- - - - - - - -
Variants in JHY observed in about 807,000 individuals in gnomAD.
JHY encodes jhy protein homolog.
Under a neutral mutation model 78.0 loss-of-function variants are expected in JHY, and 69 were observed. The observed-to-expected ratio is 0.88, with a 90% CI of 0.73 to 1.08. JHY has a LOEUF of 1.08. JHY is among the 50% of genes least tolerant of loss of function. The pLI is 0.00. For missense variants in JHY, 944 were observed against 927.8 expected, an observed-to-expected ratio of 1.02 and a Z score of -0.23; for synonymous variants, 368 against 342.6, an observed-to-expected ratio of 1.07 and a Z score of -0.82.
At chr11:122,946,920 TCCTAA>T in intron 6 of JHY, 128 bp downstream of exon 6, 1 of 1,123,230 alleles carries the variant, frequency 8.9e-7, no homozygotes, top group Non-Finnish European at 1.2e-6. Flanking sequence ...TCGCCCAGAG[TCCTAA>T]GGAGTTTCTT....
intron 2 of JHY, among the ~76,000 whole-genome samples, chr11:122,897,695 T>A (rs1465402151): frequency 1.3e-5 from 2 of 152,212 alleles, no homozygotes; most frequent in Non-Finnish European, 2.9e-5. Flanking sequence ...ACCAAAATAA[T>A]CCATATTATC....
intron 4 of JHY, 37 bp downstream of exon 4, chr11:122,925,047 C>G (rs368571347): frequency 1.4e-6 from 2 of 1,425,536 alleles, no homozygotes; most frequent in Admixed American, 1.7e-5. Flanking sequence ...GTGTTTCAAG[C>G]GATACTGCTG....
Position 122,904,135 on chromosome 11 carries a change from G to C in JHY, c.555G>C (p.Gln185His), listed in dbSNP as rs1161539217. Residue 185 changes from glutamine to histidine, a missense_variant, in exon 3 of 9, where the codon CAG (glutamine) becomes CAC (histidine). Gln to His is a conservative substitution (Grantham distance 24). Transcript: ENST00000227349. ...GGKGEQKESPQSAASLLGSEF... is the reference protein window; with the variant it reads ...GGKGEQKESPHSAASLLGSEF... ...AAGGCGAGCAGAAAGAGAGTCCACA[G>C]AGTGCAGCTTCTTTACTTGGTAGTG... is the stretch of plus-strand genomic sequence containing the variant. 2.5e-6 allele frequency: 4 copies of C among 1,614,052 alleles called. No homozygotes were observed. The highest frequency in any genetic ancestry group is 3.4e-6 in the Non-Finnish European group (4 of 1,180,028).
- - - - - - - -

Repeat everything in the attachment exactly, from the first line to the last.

Variants in JHY observed in about 807,000 individuals in gnomAD.
JHY encodes jhy protein homolog.
Under a neutral mutation model 78.0 loss-of-function variants are expected in JHY, and 69 were observed. The observed-to-expected ratio is 0.88, with a 90% CI of 0.73 to 1.08. JHY has a LOEUF of 1.08. JHY is among the 50% of genes least tolerant of loss of function. The pLI is 0.00. For missense variants in JHY, 944 were observed against 927.8 expected, an observed-to-expected ratio of 1.02 and a Z score of -0.23; for synonymous variants, 368 against 342.6, an observed-to-expected ratio of 1.07 and a Z score of -0.82.
At chr11:122,946,920 TCCTAA>T in intron 6 of JHY, 128 bp downstream of exon 6, 1 of 1,123,230 alleles carries the variant, frequency 8.9e-7, no homozygotes, top group Non-Finnish European at 1.2e-6. Flanking sequence ...TCGCCCAGAG[TCCTAA>T]GGAGTTTCTT....
intron 2 of JHY, among the ~76,000 whole-genome samples, chr11:122,897,695 T>A (rs1465402151): frequency 1.3e-5 from 2 of 152,212 alleles, no homozygotes; most frequent in Non-Finnish European, 2.9e-5. Flanking sequence ...ACCAAAATAA[T>A]CCATATTATC....
intron 4 of JHY, 37 bp downstream of exon 4, chr11:122,925,047 C>G (rs368571347): frequency 1.4e-6 from 2 of 1,425,536 alleles, no homozygotes; most frequent in Admixed American, 1.7e-5. Flanking sequence ...GTGTTTCAAG[C>G]GATACTGCTG....
Position 122,904,135 on chromosome 11 carries a change from G to C in JHY, c.555G>C (p.Gln185His), listed in dbSNP as rs1161539217. Residue 185 changes from glutamine to histidine, a missense_variant, in exon 3 of 9, where the codon CAG (glutamine) becomes CAC (histidine). Gln to His is a conservative substitution (Grantham distance 24). Transcript: ENST00000227349. ...GGKGEQKESPQSAASLLGSEF... is the reference protein window; with the variant it reads ...GGKGEQKESPHSAASLLGSEF... ...AAGGCGAGCAGAAAGAGAGTCCACA[G>C]AGTGCAGCTTCTTTACTTGGTAGTG... is the stretch of plus-strand genomic sequence containing the variant. 2.5e-6 allele frequency: 4 copies of C among 1,614,052 alleles called. No homozygotes were observed. The highest frequency in any genetic ancestry group is 3.4e-6 in the Non-Finnish European group (4 of 1,180,028).